Right now as I pray, Riley pats my back rhythmically with her hand in much the way that she lightly pats the doors in our home with her fingers as she repeats comforting checklists under her breath.  Okay, the door is open, and yes, the lights are off, I sometimes hear her whispering repetitively, each word another pat.  Even though I use all kinds of different words, there are certain petitions so significant to Riley that she insists I pray them aloud by her bedside every night.  I know it’s these she’s patting out against my shoulder while I creatively chat it up with God. She’s polite enough not to interrupt, but I feel fairly certain that inside her mind and heart, over my sometimes incomprehensible speeches, she’s whispering, “Please God, keep me seizure free and headache free and anxiety free and side effect free,” over and over and over.  And the thing is, I don’t know a prayer warrior more fierce or more supplicating than Riley.  When anxiety grips Riley’s heart, nothing frees her except prayer. When she’s struggling, she’ll openly ask everyone she knows to pray for her.  More than anyone I know, Riley perseveres in prayer.

Right after Jesus, at his disciples’ request, teaches them to pray using what has become to us The Lord’s Prayer, he goes on to instruct them to try to drive God nuts by asking repeatedly for what they need.  Jesus tells a crazy story about an annoying neighbor who clearly failed to prepare in advance for the potential for company and who interrupts some poor family’s sleep for who-knows-how-long asking for bread. Jesus says the neighbor will finally get help not because of friendship but because they have been audaciously annoying, and then he encourages, “And so I tell you, keep on asking, and you will receive what you ask for. Keep on seeking, and you will find. Keep on knocking, and the door will be opened to you (Luke 11:9, emphasis mine)”  Then Jesus makes the point that God actually loves us better than a neighbor or friend, better than any human Father loving his kids, and I hear an implicit comment about the explosive collision of our childish persistence and God’s unconquerable love for us.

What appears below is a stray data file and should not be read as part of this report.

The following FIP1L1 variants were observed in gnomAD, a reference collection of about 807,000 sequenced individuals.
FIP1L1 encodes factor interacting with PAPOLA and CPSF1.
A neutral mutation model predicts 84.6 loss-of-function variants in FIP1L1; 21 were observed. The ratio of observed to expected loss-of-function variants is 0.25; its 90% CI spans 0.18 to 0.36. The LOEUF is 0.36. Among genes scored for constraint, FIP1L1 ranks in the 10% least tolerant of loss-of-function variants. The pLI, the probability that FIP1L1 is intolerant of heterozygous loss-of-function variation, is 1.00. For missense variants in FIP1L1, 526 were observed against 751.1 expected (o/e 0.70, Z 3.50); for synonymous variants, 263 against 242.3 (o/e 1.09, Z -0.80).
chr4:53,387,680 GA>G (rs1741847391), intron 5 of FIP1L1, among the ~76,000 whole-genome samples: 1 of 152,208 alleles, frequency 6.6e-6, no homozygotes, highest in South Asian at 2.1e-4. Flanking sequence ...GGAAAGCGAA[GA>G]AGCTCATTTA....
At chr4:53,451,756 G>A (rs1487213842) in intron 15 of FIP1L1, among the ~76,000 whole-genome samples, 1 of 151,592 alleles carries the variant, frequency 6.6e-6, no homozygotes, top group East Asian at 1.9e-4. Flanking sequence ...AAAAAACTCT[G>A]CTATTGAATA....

I pray now, teaching Riley, and I realize my children have also been teaching me.  I think of Adam, how he used a model prayer–a different one than ours–in a language he could understand, to express a relationship we could not.  I feel Riley’s persistent patting petitions now, and I understand that while sometimes for some of us repetition loses its meaning, sometimes for some of us it expresses clearly and persistently what matters the most.  Whether we read Luke 11:1-13 needing to repeat and repeat and repeat Jesus’ model prayer or teasing substantial Kingdom-focused sentiments from its compact layers, we can’t miss that what Jesus models for us is a consistent, reliant, boldly persistent, submissive and conversational relationship between God and his children.  At the heart of the lesson seems to be the truth that God loves us and will always love us well and that His Kingdom has come–this after all, is the resonant good news of Advent–and so we pray and we pray and we pray again, seeking Him in never-ending supplicating conversation, first and forever.

You are loved!
Elysa Henegar